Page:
Short Story: Answered Prayers
The Muzak over the building’s sound system was bastardizing “Stairway to Heaven”, a sickening dumbing down of a classic rock song into an instrumental performed by a medicocre string quartet. He could not help but smirk at the irony of this, his most loathed song sounding excrutiatingly syrupy through that pathetic speaker on the ceiling, right next to a fire extinguishing sprinkler. Or was it irony? He could never remember; he was always thinking certain situations ironic while his mother would correct him, pointing out that the situations were simply interesting coincidences instead. It no longer mattered.
It was not the song itself that he loathed. He even recognized that the band he hated most was likely one of the best of their time, and Led Zepplin’s music, he would admit, had a strong influence on many of the hard rock bands he had in his CD collection. But as he strained his eyes to look down, he saw his father pace back and forth at the foot of the bed, and was reminded of how those damned Led Zepplin records were the only things his father had left him over thirteen years ago when walking out on him and his mother. He had played those records countless times for years on that little portable record player he kept under his bed. He had played them every day, remembering his father, praying to a heavenly Father to bring back his Dad, praying that his parents would just be in the same room again. He thought for sure that if they could just be in the same room again that they all three could again be a family. Now, over thirteen years later, his prayers had been answered.
With his head fixed in traction in one position by metal tongs in each side of his skull, he painfully looked out of the right corner of his eyes to see his mother standing by the window staring out at nothing, in the same position she was in every time had woken up to this new reality. Days had seemed like weeks, yet he had not seen his parents talk or embrace. His heart reached out to his mother like his arms had not done in over thirteen years; he had blamed her for his father leaving them that day so long ago. Now, he wanted so badly to put his arms around her and apologize for hating her, for walking out on her as soon as he turned eighteen just like his father had walked out on them both. But his arms, like the rest of his body, would not move when his brain commanded them to move. The paralysis had seen to that, and the tubes in his nose going down to his lungs and stomach kept him from speaking. So, his heart reached out desperately, his mind cried out begging God to fix this…all of this.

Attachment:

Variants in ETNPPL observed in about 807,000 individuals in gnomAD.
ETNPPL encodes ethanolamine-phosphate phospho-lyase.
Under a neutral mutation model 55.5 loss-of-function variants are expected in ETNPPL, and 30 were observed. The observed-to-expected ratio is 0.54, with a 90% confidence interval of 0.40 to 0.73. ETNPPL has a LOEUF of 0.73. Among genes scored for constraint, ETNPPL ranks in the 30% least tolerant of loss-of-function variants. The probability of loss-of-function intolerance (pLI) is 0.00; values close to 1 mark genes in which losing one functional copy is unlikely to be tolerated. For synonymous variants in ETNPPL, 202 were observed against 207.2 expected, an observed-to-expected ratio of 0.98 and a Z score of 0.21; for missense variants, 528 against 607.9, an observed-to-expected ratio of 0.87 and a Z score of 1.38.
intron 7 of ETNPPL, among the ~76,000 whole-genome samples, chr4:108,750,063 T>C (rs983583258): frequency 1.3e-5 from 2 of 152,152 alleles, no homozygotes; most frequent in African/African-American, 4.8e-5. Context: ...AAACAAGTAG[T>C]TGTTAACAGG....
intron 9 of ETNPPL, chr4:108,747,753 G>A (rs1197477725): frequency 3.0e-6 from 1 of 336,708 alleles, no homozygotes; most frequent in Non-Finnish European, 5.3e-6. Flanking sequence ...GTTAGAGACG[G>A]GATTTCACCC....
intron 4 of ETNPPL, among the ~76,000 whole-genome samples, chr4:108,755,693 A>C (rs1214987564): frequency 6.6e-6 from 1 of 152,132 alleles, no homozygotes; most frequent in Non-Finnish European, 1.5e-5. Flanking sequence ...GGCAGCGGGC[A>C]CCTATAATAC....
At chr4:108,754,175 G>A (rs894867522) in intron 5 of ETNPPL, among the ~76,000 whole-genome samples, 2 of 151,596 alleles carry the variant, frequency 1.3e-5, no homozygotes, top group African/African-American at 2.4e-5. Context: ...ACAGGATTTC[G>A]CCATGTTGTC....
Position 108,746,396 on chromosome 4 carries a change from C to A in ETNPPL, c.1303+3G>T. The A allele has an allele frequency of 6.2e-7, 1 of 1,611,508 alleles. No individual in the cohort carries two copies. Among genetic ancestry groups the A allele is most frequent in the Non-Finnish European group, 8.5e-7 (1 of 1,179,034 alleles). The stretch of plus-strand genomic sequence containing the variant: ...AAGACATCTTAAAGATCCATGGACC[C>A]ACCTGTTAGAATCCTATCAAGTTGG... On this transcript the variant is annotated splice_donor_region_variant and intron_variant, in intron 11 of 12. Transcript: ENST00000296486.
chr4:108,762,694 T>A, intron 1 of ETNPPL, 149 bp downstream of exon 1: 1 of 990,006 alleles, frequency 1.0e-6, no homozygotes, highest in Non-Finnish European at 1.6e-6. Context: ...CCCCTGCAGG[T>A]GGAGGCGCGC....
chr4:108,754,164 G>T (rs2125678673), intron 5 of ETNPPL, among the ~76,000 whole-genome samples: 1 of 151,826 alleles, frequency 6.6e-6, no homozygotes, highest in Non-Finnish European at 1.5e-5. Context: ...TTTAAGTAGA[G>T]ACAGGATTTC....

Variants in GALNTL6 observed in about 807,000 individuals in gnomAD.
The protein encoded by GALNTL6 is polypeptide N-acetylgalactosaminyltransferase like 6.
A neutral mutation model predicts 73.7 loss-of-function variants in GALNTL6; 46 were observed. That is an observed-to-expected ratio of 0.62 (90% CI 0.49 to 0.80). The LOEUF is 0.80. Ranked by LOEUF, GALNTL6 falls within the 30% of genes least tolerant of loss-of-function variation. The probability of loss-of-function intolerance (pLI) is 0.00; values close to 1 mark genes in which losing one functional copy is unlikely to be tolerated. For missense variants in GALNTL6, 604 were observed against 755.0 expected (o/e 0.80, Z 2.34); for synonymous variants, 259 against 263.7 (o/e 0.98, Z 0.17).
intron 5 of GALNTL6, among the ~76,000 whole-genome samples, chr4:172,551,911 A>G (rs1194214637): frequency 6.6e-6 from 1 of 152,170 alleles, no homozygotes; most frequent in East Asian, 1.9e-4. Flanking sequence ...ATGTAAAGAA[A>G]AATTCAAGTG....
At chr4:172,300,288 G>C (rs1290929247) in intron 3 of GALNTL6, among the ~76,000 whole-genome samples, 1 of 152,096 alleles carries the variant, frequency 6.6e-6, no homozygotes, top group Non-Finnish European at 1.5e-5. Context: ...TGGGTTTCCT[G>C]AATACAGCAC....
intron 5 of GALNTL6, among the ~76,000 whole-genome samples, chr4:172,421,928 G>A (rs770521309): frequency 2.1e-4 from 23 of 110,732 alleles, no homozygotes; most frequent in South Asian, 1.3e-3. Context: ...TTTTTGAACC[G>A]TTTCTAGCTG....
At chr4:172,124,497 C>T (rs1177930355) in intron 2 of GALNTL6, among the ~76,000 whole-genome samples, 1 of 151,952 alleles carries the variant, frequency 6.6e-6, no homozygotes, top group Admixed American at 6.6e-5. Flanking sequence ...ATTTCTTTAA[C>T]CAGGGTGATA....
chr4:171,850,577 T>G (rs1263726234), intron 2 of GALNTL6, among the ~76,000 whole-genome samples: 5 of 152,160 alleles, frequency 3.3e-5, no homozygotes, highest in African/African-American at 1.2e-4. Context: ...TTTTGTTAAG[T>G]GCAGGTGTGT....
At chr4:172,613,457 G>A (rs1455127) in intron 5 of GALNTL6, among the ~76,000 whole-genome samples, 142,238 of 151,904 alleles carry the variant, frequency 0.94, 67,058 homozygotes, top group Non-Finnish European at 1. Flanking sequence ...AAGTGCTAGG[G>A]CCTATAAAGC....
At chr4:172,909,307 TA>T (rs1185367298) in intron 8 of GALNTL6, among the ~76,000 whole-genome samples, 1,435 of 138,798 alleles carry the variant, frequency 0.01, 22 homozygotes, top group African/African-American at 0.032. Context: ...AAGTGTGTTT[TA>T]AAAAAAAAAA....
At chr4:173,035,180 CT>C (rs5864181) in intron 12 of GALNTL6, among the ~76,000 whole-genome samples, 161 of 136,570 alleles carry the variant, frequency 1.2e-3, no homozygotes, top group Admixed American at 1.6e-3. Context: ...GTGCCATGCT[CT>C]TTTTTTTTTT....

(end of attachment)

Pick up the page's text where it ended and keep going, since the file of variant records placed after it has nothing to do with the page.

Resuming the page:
As the speaker in the ceiling was overpowered by the piercing sound of an alarm, he saw his parents move toward him, embracing each other while they both clung to his arm. He felt nothing but a warmth in his chest that rose to his face. His prayers had finally been answered, he thought. Only his happiness was soon replaced with panic with the realization that he was no longer getting air, that the alarm was coming from the oxymeter on his left index finger, warning that the oxygen in is blood was dangerously low.
His parents started to fade into darkness as they were dragged out of the room by the hospital staff that rushed in to try and fix this breathing situation. He could not help but smirk at the irony; his prayers had been answered and his family was back together for the first time in over thirteen years. Yet the thing that brought them together was now the thing that was taking him away, a stairway to Heaven that his soul was being forced to walk, leaving his parents, his immobile body and everything he knew behind. How ironic, he thought to himself and said in one last prayer as complete darkness and cold overcame him. But as the darkness was consumed by an ever brightening light, the cold erased by warming, comforting heat, he wondered… maybe this isn’t irony at all.
© 2008, Rus Wooton
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